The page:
Rep. Cedric Richmond announces decision to serve in Biden White House; election to be held to fill his seat

Updated: Nov. 17, 2020 at 7:16 PM CST
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NEW ORLEANS (WVUE) - He attended public elementary and high-schools, received degrees from Morehouse College and Tulane Law School, and now Congressman Cedric Richmond of New Orleans is heading to the White House as part of incoming President Joe Biden’s administration.

Richmond served as national co-chair of Biden’s campaign and now that Biden has been declared the winner of the presidential race by major news networks and newspapers Richmond is preparing to step down from his seat in Congress. He has served 10 years in Congress and was re-elected to another term on November 3.

At Lakefront Airport in New Orleans, Richmond made the announcement before dozens of friends, supporters, and elected officials that he will serve as a senior adviser, Assistant to the President, and Director of Public Engagement in the Biden White House.

“I’ve had to make one of the hardest decisions that I’ve made in my life,” said Richmond.

Richmond said he believes he can continue to help Louisiana in his new role although he wrestled with the decision to leave Congress where he has built up seniority.

“There’s no formula on earth that I would have left my seat in Congress after obtaining seniority, after becoming assistant to the [Democratic] Whip in leadership, after chairing the Congressional Black Caucus and being the current chair of the Congressional Black Caucus Foundation, if I did not think that this new role would serve Louisiana better than my past role,” said Richmond.

He will have the new president’s ear.

“This new role will allow me to offer advice to the president when he wants it, maybe sometimes when he doesn’t want it. I will also be in office in the West Wing and when you talk about the needs of Louisiana you want someone in the West Wing,” said Richmond.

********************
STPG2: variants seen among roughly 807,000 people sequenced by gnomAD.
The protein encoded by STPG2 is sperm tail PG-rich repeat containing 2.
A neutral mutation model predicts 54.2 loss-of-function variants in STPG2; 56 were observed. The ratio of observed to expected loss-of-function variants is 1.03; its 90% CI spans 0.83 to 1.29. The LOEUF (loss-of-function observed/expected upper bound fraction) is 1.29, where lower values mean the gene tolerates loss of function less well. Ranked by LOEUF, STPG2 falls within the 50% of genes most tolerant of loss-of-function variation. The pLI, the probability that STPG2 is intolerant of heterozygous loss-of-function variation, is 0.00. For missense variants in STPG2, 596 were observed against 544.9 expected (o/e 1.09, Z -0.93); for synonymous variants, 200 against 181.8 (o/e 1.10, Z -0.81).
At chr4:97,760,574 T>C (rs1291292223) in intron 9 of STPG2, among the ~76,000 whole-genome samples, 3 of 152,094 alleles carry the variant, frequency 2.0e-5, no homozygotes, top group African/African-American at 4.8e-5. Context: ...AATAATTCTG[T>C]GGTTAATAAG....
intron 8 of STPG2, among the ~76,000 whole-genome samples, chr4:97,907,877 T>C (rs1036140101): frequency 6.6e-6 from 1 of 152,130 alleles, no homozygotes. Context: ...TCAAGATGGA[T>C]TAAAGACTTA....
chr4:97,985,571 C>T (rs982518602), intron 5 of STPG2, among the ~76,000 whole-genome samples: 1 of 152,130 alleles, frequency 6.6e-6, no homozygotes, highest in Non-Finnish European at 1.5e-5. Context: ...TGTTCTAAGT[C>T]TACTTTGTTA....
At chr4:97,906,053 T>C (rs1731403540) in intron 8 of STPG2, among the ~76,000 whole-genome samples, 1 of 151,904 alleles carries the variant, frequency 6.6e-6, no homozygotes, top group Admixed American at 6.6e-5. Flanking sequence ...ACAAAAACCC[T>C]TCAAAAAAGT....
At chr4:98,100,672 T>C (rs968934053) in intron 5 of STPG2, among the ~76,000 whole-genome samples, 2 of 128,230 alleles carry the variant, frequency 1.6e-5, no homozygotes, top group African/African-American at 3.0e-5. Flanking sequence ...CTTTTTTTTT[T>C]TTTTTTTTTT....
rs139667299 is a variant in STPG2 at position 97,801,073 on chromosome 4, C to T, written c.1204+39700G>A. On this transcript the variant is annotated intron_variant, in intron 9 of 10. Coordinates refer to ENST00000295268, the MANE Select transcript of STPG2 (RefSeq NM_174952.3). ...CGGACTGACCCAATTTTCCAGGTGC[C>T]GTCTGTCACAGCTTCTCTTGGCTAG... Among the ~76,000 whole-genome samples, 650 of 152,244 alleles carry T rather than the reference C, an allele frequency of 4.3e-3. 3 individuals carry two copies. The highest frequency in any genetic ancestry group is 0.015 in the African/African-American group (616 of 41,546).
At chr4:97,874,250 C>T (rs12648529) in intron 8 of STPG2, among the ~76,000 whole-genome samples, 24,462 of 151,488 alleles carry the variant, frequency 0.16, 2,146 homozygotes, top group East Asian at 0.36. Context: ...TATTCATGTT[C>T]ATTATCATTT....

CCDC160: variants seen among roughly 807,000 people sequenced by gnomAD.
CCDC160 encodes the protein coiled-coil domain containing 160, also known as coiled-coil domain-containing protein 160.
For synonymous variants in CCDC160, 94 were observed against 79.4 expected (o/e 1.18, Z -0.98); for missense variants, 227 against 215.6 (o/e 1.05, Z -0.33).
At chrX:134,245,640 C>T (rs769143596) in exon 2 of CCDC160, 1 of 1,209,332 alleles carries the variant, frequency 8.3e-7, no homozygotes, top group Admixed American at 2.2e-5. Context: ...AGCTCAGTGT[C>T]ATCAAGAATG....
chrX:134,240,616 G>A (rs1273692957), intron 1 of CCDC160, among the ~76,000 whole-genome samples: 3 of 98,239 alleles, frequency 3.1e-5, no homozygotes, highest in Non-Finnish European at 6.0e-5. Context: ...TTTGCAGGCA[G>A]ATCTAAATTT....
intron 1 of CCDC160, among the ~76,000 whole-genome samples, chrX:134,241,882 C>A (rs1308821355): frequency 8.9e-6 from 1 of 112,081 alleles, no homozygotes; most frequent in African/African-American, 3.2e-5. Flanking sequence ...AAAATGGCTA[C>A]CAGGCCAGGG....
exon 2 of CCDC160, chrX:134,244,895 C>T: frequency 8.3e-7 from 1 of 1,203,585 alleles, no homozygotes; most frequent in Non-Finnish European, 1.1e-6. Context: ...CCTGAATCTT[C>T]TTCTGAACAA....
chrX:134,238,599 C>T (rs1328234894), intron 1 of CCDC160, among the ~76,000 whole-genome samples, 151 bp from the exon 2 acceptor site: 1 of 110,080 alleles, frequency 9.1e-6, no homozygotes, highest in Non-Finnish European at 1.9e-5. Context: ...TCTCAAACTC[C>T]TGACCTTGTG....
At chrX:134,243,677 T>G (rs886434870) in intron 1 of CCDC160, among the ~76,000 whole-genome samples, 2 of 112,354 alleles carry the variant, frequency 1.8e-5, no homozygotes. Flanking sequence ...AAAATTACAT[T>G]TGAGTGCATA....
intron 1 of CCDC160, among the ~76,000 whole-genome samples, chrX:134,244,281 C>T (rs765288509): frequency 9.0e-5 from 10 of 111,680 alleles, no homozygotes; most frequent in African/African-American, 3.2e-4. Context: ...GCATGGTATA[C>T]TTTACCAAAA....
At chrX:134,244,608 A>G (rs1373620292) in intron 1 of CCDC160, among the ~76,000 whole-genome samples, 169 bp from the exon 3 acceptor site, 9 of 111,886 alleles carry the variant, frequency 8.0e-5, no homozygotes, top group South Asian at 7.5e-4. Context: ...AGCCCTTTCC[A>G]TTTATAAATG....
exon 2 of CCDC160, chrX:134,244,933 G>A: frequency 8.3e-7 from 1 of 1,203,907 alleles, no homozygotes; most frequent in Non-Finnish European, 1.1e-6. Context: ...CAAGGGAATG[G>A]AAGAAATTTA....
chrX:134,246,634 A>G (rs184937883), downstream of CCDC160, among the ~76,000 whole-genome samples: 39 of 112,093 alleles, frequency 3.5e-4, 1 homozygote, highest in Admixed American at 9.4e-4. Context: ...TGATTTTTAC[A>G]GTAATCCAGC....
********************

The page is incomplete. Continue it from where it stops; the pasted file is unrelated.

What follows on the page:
He says he has already been speaking to Biden about Louisiana’s needs.

Mayor Latoya Cantrell said having Richmond close to the president can help the city and state.

“The relationships, the ties to this city will bode well as it relates to decisions that we need to move our city forward but also the state of Louisiana,” said Cantrell.

And as expected there are local politicians who are interested in succeeding Richmond on Capitol Hill.

Sen. Troy Carter serves in the Louisiana Legislature and is a former New Orleans City Councilman.

“Obviously, I’m very interested. I’ve served in public life for a very long time. The Congressman is a very dear friend of mine, today is his day, a day to celebrate his ascension to a very powerful post, one that will be very beneficial to us all and obviously, the 2nd Congressional District, his legacy has to go on,” said Carter.

New Orleans City Councilwoman-at-Large Helena Moreno is hearing calls for her to enter the race.

“I am very honored to be mentioned as one of the top candidates and to be receiving the support that I’m getting but I’m very happy where I am right now; due to the support I’m getting I will look at it,” said Moreno.

Cantrell said that even though a lot of people are asking the question, she will not run for Richmond’s seat.

“I do not have any plans in running myself,” said Cantrell.

Still, Cantrell will not sit on the sidelines as Richmond’s successor is chosen.

“I will play, I believe a role in selecting the next congressman or congresswoman to serve the city of New Orleans,” said Cantrell.

Richmond hopes his journey will inspire other young people to dream.

“I just want that next kid who is at Osborne or Livingston or any of our great New Orleans public schools that produced me and that my mother taught at for over 20 years to know that you can go from Osborne to the White House,” Richmond said to applause.

Richmond also said it is time for President Donald Trump to recognize Biden’s victory and engage in a full-fledged transition so that Biden and his administration are ready to handle the ongoing pandemic and other challenges the nation faces.

A spokeswoman for Governor John Bel Edwards said, "If a member of Congress leaves office, the Governor would have a discussion with that person and leaders in their Congressional district about the timing of the election. The date of the election determines the deadline for when the Governor would have to call it.”

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